The Five Platonic Solids
The Thirteen Archimedean Solids
Prisms, Antiprisms, and Other Polyhedra
The Four Kepler-Poinsot Solids
Other Stellations or Compounds
Some Other Uniform Polyhedra
Photographs: Stanley Toogood’s
International Film Productions,
for the Classroom
Magnus J. Wenninger
St. Augustine’s College
NATIONAL COUNCIL OF
TEACHERS OF MATHEMATICS
1201 Sixteenth Street, N.W., Washington, D. C. 20036
Copyright © 1966 by
THE NATIONAL COUNCIL OF TEACHERS OF MATHEMATICS, INC.
All rights reserved
Printed in the United States of America
The study of polyhedra is an ancient one, going back to the dawn of history. It is especially those polyhedra that are called uniform that have evoked the greatest interest and provided the most fascination. It should therefore be of special usefulness for mathematics students and teachers in their classrooms today to see and handle these geometrical solids in aesthetically pleasing models and to be delighted with their beauty and form.
Most students show immediate interest in this kind of work, and teachers are often surprised to see the quality of the results a student obtains in making the models. It is a genuine outlet for the creative instinct; in addition, it calls for care and accuracy, as well as perseverance and pertinacity in models that have many parts and an intricate color arrangement. It is also surprising how the models can stimulate interest in some of the basic theorems of solid geometry. And, when a project is finished, the models will enhance the appearance of the classroom, where they can be put on permanent display.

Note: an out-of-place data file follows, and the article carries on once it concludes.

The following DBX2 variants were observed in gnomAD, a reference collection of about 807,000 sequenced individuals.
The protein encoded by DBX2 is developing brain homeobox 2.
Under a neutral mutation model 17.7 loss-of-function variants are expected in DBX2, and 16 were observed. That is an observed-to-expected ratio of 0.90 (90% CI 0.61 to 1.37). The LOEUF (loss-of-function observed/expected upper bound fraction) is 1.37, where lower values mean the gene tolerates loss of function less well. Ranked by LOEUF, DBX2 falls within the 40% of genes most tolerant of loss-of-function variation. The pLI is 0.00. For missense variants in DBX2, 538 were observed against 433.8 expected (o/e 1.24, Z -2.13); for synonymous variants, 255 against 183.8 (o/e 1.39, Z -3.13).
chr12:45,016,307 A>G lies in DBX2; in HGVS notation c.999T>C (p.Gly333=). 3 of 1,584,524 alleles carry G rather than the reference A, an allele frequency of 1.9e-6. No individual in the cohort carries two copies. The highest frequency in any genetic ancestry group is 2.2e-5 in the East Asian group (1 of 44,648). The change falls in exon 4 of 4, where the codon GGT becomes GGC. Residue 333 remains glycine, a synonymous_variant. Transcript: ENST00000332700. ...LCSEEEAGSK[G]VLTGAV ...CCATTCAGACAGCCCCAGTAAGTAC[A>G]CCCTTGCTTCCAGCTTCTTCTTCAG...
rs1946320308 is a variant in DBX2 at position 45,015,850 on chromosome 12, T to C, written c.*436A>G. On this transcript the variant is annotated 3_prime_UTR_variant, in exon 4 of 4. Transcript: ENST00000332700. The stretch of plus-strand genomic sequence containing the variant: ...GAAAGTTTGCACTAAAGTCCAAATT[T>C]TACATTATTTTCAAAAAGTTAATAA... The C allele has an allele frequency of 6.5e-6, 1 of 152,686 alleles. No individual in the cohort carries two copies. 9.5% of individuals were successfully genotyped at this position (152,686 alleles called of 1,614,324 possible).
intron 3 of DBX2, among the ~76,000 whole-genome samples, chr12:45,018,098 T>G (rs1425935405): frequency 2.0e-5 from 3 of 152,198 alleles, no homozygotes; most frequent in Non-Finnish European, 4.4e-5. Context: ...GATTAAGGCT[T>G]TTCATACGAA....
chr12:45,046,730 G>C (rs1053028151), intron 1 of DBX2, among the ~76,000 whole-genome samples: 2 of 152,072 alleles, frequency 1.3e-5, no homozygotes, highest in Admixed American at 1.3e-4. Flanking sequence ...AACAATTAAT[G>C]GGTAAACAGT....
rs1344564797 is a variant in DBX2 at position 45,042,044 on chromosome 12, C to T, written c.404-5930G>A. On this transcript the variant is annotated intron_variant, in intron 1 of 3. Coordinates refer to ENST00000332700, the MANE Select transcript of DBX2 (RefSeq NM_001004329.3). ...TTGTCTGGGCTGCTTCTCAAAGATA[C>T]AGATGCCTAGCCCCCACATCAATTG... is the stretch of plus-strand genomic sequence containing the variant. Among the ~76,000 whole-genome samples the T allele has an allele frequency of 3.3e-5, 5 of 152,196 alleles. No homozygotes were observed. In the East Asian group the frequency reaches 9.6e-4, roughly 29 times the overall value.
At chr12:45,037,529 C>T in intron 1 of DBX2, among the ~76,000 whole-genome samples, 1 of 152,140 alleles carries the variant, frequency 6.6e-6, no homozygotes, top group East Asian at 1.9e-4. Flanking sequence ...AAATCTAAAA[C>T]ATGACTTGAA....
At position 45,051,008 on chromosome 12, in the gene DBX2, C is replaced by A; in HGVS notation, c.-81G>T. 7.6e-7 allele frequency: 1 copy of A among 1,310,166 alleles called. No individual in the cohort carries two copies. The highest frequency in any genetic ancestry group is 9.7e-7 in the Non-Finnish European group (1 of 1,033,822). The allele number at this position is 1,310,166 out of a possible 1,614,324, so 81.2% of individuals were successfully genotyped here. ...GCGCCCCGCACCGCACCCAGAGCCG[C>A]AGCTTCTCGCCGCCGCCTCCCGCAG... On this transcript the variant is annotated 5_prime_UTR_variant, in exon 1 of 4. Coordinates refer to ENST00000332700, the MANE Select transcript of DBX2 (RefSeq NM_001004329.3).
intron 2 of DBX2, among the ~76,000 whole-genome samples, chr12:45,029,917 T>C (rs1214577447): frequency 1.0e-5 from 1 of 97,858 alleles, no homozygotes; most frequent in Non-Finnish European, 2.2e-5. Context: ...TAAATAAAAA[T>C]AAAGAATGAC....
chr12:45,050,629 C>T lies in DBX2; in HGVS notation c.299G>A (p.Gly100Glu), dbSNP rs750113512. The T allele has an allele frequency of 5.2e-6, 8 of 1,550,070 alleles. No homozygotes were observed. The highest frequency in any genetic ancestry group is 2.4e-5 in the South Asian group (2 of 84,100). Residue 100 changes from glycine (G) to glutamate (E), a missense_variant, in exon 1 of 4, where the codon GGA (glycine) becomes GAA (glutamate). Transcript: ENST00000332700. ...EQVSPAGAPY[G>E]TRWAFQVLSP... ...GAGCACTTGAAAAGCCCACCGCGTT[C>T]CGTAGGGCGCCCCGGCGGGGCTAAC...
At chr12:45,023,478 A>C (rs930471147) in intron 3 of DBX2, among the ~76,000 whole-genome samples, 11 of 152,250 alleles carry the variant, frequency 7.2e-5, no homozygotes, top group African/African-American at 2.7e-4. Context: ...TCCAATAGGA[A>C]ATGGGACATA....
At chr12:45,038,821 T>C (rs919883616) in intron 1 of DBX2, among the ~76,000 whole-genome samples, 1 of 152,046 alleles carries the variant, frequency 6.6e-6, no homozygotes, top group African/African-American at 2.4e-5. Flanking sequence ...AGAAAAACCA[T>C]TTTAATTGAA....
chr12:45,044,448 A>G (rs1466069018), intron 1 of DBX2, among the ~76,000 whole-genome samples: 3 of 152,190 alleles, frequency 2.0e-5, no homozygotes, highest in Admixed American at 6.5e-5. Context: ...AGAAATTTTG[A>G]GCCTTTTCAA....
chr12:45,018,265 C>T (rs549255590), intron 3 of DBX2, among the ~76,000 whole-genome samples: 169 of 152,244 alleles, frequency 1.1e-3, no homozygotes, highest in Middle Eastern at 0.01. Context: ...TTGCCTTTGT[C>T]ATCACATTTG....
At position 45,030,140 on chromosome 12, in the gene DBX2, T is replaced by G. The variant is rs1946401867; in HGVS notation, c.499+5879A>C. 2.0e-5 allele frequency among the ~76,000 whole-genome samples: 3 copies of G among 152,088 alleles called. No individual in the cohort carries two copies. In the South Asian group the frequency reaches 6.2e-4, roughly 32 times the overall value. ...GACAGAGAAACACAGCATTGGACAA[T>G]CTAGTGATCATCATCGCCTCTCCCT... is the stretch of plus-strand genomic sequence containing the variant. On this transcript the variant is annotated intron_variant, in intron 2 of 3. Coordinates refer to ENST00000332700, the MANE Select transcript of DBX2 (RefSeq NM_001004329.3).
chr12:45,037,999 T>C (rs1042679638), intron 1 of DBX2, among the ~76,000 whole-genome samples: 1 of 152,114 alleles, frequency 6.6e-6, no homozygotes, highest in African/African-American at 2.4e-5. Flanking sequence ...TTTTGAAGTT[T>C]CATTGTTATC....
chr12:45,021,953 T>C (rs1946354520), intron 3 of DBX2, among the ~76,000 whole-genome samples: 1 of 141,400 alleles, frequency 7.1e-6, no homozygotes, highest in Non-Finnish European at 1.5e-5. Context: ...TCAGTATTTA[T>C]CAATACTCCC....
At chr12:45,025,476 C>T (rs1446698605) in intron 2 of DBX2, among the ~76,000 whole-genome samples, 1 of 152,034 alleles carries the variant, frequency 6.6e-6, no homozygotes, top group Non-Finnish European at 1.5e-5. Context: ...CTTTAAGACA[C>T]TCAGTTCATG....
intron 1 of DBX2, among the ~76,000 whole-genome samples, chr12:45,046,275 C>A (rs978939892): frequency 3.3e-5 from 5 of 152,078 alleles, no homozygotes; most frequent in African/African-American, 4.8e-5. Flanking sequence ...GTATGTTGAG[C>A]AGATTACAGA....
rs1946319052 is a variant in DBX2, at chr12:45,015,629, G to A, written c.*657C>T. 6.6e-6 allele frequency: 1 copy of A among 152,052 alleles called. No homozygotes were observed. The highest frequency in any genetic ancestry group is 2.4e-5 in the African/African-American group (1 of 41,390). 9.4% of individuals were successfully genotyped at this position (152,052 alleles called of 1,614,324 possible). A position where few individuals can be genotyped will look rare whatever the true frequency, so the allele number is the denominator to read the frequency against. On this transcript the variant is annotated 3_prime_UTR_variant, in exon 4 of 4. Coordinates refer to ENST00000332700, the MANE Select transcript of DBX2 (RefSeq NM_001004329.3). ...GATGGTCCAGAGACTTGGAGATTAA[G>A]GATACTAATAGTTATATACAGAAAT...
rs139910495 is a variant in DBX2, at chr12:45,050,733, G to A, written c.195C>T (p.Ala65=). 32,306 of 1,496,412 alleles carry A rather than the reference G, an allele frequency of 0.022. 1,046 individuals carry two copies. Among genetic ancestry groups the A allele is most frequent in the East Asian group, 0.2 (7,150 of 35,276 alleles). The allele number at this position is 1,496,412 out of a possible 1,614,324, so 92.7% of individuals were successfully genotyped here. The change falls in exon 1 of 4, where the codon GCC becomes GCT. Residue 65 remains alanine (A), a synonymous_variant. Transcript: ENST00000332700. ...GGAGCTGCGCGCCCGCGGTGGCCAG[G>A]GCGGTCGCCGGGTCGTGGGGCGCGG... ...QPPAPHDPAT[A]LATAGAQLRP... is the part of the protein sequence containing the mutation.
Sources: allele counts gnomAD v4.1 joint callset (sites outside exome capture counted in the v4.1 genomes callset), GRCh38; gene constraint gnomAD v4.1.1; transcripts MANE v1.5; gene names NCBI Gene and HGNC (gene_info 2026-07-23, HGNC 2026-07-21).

for the Classroom
by Magnus J. Wenninger
|Reprinted with permission from
Polyhedron Models, copyright 1966
by the National Council of Teachers
of Mathematics. All rights reserved.
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| Ragnar Torfason|
2006 June 3